More Americans are signing contracts to buy existing homes than at any time in nearly two years, boosting the housing industry’s slow recovery, according to the National Association of REALTORS®’ index of pending home sales.
The measure is up 2 percent to 97 in January after slipping 1.9 percent in December. The index of deals for previously owned homes is up 8 percent compared with the 89.8 level from January 2011.
Last month saw the highest point on the index since April 2010, when consumers drawn by a home-buyer tax credit pushed the figure to 111.3. That was the last time the measure exceeded 100 — the benchmark for industry health.
The index showed year-over-year increases in every region—a 9.8 percent increase in the Northeast, a 10.8 percent rise in the Midwest, a 10.5 percent boost in the South and a smaller 0.7 percent uptick in the West.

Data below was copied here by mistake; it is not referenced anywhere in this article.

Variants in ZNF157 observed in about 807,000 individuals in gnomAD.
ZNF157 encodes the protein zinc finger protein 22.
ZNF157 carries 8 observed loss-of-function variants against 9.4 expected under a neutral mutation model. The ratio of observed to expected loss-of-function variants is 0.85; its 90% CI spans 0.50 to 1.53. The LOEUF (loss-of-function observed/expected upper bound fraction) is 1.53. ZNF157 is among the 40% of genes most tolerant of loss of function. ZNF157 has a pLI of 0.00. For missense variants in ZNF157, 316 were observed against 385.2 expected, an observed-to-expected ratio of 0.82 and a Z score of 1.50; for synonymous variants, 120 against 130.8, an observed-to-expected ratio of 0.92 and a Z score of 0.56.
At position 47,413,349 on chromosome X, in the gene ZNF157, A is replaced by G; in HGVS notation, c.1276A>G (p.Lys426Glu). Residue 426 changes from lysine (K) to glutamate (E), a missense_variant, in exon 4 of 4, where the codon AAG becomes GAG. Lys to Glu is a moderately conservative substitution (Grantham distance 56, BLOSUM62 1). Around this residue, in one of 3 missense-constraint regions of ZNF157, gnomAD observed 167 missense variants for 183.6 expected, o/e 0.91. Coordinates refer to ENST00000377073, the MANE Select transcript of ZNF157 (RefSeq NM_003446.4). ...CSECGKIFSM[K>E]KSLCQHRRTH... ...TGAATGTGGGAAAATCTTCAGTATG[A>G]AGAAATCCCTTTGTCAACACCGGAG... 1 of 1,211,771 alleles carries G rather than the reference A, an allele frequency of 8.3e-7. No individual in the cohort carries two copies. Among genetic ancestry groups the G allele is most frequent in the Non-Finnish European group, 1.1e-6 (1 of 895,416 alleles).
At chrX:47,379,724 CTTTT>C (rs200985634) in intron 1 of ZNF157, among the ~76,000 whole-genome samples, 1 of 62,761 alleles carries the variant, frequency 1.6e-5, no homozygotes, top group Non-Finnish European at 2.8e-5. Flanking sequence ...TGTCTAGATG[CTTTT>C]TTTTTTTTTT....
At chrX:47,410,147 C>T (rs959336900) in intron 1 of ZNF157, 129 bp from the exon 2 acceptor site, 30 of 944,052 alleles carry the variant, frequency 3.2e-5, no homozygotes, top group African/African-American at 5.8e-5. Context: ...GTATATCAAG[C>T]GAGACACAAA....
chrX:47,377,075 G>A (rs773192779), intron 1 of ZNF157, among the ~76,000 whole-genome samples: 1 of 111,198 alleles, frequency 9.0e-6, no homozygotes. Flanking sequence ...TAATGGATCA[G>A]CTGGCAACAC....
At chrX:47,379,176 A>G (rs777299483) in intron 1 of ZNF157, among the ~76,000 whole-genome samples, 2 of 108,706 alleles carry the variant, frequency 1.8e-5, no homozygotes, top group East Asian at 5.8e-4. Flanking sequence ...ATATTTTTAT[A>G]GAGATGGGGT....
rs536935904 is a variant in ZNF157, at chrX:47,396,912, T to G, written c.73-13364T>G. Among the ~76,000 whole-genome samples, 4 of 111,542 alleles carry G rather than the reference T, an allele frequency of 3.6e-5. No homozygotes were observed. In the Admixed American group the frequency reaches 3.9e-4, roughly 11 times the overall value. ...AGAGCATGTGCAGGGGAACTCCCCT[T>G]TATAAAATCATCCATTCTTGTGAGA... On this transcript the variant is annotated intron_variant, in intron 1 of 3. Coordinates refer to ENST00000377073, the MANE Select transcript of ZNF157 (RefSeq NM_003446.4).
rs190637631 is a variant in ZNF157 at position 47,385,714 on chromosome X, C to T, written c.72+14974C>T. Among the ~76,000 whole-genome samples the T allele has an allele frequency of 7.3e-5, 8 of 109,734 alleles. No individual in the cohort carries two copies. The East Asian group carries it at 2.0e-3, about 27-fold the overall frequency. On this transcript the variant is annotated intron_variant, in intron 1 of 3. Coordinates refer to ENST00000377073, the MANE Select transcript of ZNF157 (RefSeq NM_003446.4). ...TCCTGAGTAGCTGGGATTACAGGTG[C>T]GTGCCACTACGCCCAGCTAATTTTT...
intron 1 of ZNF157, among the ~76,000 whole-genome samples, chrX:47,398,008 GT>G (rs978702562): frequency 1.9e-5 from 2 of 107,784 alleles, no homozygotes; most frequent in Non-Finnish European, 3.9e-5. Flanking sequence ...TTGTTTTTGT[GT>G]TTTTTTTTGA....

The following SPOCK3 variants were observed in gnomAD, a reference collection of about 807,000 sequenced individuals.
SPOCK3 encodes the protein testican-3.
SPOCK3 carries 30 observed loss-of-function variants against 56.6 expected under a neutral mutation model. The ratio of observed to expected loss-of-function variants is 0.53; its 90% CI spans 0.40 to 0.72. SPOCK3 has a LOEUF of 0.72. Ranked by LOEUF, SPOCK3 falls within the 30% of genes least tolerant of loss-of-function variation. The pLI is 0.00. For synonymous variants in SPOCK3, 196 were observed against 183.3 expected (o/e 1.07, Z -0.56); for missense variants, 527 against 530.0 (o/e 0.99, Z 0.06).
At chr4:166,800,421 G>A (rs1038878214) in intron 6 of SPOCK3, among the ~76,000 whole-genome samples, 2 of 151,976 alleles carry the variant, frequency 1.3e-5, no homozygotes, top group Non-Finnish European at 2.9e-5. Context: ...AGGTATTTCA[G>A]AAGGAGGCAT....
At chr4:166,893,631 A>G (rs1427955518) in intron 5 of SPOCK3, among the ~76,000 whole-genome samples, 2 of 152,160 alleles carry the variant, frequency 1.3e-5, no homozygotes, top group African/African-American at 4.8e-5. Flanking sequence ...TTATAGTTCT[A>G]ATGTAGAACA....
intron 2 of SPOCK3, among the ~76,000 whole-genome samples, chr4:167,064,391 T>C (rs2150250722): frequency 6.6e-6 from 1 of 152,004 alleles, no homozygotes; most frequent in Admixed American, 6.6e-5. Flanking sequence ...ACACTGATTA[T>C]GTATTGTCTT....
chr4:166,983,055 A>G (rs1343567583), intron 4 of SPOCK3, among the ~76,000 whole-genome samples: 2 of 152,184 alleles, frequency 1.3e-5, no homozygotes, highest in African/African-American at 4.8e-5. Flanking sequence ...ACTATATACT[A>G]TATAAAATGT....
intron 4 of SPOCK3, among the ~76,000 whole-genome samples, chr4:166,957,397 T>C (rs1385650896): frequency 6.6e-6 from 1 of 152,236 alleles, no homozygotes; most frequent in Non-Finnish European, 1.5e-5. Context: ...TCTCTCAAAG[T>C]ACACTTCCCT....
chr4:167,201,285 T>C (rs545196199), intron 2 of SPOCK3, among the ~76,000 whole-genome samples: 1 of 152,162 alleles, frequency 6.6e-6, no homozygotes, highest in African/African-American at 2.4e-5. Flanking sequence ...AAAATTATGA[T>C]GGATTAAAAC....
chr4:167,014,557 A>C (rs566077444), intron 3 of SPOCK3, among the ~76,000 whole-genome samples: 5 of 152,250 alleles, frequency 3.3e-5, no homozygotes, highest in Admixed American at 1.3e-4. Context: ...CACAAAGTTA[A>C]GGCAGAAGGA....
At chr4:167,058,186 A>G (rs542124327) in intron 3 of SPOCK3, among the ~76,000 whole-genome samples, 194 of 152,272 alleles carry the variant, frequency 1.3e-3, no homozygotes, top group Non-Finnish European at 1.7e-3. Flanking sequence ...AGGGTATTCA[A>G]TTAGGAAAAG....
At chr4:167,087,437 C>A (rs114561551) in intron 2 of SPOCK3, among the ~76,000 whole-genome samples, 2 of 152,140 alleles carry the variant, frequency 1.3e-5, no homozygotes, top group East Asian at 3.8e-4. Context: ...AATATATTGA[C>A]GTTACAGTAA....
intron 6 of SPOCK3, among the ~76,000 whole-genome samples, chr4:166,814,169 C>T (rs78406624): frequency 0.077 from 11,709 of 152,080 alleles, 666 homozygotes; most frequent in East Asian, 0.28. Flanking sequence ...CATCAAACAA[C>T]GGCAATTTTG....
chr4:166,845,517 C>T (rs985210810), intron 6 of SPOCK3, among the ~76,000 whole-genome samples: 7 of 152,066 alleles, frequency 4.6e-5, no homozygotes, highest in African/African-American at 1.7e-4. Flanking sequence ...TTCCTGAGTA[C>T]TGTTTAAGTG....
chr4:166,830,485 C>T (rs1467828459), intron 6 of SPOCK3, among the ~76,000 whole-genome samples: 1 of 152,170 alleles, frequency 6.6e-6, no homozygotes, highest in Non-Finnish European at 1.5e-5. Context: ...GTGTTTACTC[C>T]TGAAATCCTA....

Contracts are usually signed a month or two before a deal closes and the home purchase is finalized, making the pending-sales index a leading indicator for where the market is headed. The REALTORS® group said last week that existing home sales in January were up more than 4 percent to an annual rate of 4.57 million.
Housing experts such as Lawrence Yun, the REALTOR® group’s chief economist, credit the sliding unemployment rate—which fell in January to its lowest point in three years —as well as a downward trend in home prices and a supply of homes that is at a nearly seven-year low.
“Movements in the index have been uneven, reflecting the head winds of tight credit, but job gains, high affordability and rising rents are hopefully pushing the market into what appears to be a sustained housing recovery,” Yun says in a statement.
©2012 the Los Angeles Times
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